Bright red geraniums have been planted in the four big urns at the Chariton Cemetery shelter house, another reminder that the Memorial Day weekend is only a week away. I'm not quite sure where spring has gotten itself to, but summer is nearly here.
As is the tradition, members of the Chariton Historic Preservation Commission and Lucas County Genealogical Society will open the shelter --- usually locked although you can look in through the door and windows --- from 11 a.m. until 4 p.m. next Sunday, May 27. There will be lemonade and cookies and volunteers will be there to talk about the cemetery and its history and, when necessary, try to help visitors locate graves.
The unaltered "English cottage" shelter, added to the cemetery grounds in 1929, is one of the features that made the cemetery eligible during 2009/10 for inclusion on the National Register of Historic Places. Other contributing features were the entrance gates and the cemetery's rural park-like design.
The shelter probably was designed by Chariton architect William L. Perkins, although that can't be established for sure. He was city engineer at the time, however, and the little building is similar to his larger buildings. It consists behind that generous front porch of one large and light room with fireplace and, in its northwest corner, a small restroom (now non-functional). Storage and maintenance areas are on the building's lower level.
So if you're in the neighborhood next Sunday, stop in.
Speaking of the cemetery, someone asked the other day how many people are buried in Potters Field --- a pretty hill-top area in the southwest corner of the cemetery where those without resources or families to claim their remains have been buried since 1863, when the cemetery was established. The area appears to be undeveloped, with perhaps only a dozen stones in it, most of those marking the newest graves. The last burial recorded here, in "public ground," was an infant who died in 1966.
The city clerk's office has a fairly detailed record of 97 burials in Potters Field since 1902, giving names, ages, location and in some cases additional information. Records of the area prior to 1902 have disappeared --- the cemetery was privately owned until the 1920s. But an article in The Chariton Herald of Jan. 30, 1902, when the records still were in the hands of the Stanton family, stated that 76 people had been buried there Between 1863 and the end of 1901.
That would bring the total to 173, although one or two bodies were removed later by families to other parts of the cemetery. Most of the people buried here were just poor, but there are tragedies in the mix. Burial No. 3992, which occurred on Oct. 30, 1915, was an "unknown male (suicide by hanging)." And Burial No. 5883, June 14, 1935, "Unknown infant male found under bridge west of Chariton."
Memorial Day weekend also will bring the "official" opening for the summer season of the Lucas County Historical Society museum campus. "Official" because we're always kind of open, maintaining morning hours and Tuesday afternoon hours October-May and welcoming guests who either turn up then or who make appointments.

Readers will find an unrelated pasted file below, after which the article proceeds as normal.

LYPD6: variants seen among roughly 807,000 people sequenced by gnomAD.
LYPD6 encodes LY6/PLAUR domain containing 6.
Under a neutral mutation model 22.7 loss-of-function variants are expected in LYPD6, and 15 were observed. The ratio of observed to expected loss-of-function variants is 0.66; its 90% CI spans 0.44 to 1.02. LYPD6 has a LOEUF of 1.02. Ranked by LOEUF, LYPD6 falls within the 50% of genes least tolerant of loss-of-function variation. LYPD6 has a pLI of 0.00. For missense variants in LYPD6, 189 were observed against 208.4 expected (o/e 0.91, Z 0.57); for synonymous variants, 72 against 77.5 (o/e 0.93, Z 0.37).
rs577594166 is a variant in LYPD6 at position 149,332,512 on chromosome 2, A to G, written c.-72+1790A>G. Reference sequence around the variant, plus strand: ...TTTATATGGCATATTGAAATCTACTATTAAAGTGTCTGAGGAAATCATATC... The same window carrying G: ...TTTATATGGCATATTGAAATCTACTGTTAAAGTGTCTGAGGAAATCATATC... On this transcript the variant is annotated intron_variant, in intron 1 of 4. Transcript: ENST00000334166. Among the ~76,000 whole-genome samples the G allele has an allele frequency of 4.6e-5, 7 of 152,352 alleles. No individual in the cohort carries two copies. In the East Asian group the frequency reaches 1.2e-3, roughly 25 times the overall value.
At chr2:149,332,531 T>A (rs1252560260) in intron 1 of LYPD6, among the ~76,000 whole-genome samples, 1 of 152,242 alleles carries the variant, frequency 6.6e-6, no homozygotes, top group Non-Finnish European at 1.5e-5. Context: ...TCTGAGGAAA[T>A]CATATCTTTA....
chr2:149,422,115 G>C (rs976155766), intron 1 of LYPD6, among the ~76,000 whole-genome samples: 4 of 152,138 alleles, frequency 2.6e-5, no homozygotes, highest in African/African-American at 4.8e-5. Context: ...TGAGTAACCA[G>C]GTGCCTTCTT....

But as of next Saturday, we'll be open 1-4 p.m. daily Tuesday-Saturday through September with Judy B. and a crew of Lucas County Health Center Volunteer Services volunteers on hand. Admssion is free.
All of the Chariton Community Schools fourth-graders will trek through the campus on Monday, which is a major undertaking that goes remarkably well most years. I've still got to clean up some oil leaded onto the barn floor by a tractor --- so that kids don't track it elsewhere; and the log cabin still needs to be swept (every suicidal insect in Chariton comes there in the fall to die). But I'm sure we'll make it.
Kay Brown, Sarah Palmer and Robin Kennedy, masterful gardeners one and all, have taken on the museum grounds and have been working very hard to whip them into shape (our usual high school clean-up crew was rained out a couple of weeks ago). They're also doing a lot of planting and Kay is whipping into shape the terraced planter that descends to the patio.
On Monday evening, we received a substantial (and much appreciated) grant from the South Central Iowa Community Foundation that will help with several projects involving the Stephens House --- more insulation in the attic, rebuilding a large basement window to Department of Interior standards (the house is National Register listed) and dealing with pesky drainage issues involving the front porch roofs.
And by midweek, the alternate Frank had completed and submitted the application for a state grant that we'd like to use to help replace the wood-shingled roof of Puckerbrush School, in place when the 1880s building was moved to the museum many years ago and now threatening to fail. Replacing even a small wood-shingled roof is a very expensive affair.
I had very little to do with the grant application --- all of which had to be submitted online --- other than taking photos, scanning documents and trying to be reassuring when the preparer started cussing a blue streak (in a mild sort of way) or threatening to go out and get drunk when the thing was done. Those online forms can be frustrating when you're not used to them. I'd feel better about the process if I weren't reasonably sure that, once in the right hands in Des Moines, staffers there print out and distribute a dozen copies, thus destroying any trees that might have been spared in the application process.
I also was out Friday afternoon to do a brief program for residents at Chariton Nursing and Rehabilitation, borrowing Hotel Charitone props that live at the museum between public appearances. That was lots of fun, for me at least, as we shared hotel stories.
It was good to see, too, that amazing Russell girl, Vera Clanin --- going on 105 --- who remembered watching the Charitone go up in 1923.